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5 1 4 the chicago american giants

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Lexile,® and Reading Recovery™ are provided
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The Chicago

American Giants

Genre

Expository
nonfiction

Comprehension
Skills and Strategy

• Sequence of Events
• Generalize
• Ask Questions

Text Features







Captions
Map
Time Line
Glossary

Scott Foresman Reading Street 5.1.4

ISBN 0-328-13511-9

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by Ellen B. Cutler


Reader Response
The Chicago

1. Using a graphic organizer like the one below, place
the following sequence of events in the correct order:
Rube Foster and others form the Negro National
League; Professional African American teams begin
forming; Jackie Robinson plays his first game as
a Brooklyn Dodger; The Baseball Hall of Fame is
established; The Eastern Colored League is formed.

American Giants

2. Pretend that you by
are Ellen
on a field
trip to the Baseball
B. Cutler
Hall of Fame. What questions about the Negro leagues
would you have for the people who run the museum?

3. Three of this book’s vocabulary words are compound
words, or words made up of two smaller words. Which
ones are they? Use them in sentences.
4. How did the time line on pages 18 and 19 help you
to understand both the history of baseball and the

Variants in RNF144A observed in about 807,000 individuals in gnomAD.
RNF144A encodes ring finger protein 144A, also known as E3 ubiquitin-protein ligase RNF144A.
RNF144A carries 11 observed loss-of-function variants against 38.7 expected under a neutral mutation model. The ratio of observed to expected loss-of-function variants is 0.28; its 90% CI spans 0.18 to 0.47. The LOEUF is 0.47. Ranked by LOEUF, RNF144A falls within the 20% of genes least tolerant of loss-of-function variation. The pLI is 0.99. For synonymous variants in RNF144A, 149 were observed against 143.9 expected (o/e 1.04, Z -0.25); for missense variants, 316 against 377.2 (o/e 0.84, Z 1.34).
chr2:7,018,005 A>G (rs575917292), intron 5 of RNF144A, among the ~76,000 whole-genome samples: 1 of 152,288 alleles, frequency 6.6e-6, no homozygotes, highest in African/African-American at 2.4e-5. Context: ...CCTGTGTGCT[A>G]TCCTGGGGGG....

history of African Americans playing the sport?

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Every effort has been made to secure permission and provide appropriate credit for
photographic material. The publisher deeply regrets any omission and pledges to
correct errors called to its attention in subsequent editions.
Unless otherwise acknowledged, all photographs are the property of Scott Foresman,
a division of Pearson Education.
Photo locators denoted as follows: Top (T), Center (C), Bottom (B), Left (L), Right (R),
Background (Bkgd)
Opener: Getty Images; 1 National Baseball Hall of Fame; 3 Corbis; 4 Corbis; 5 Corbis;
6 National Baseball Hall of Fame; 7 National Baseball Hall of Fame; 8 National Baseball
Hall of Fame; 9 National Baseball Hall of Fame; 10 National Baseball Hall of Fame;
11 (L) National Baseball Hall of Fame, (R) National Baseball Hall of Fame; 13 (Bkgd)
National Baseball Hall of Fame, (C) Corbis; 14 Getty Images; 15 Corbis; 16 Corbis; 17
Associated Press, Getty Images; 18 National Baseball Hall of Fame
ISBN: 0-328-13511-9
Copyright © Pearson Education, Inc.
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2 3 4 5 6 7 8 9 10 V0G1 14 13 12 11 10 09 08 07 06 05

“Batter up!”
A player from the Chicago American Giants
stepped to the plate. He was ready to take a pitch.
His hands were wrapped around the narrow neck of
the bat. His feet were planted apart and firm on the
ground. He fixed his eyes on the pitcher. Behind him,
the catcher gave the sign for a fastball.
The crowd settled into the rickety stands made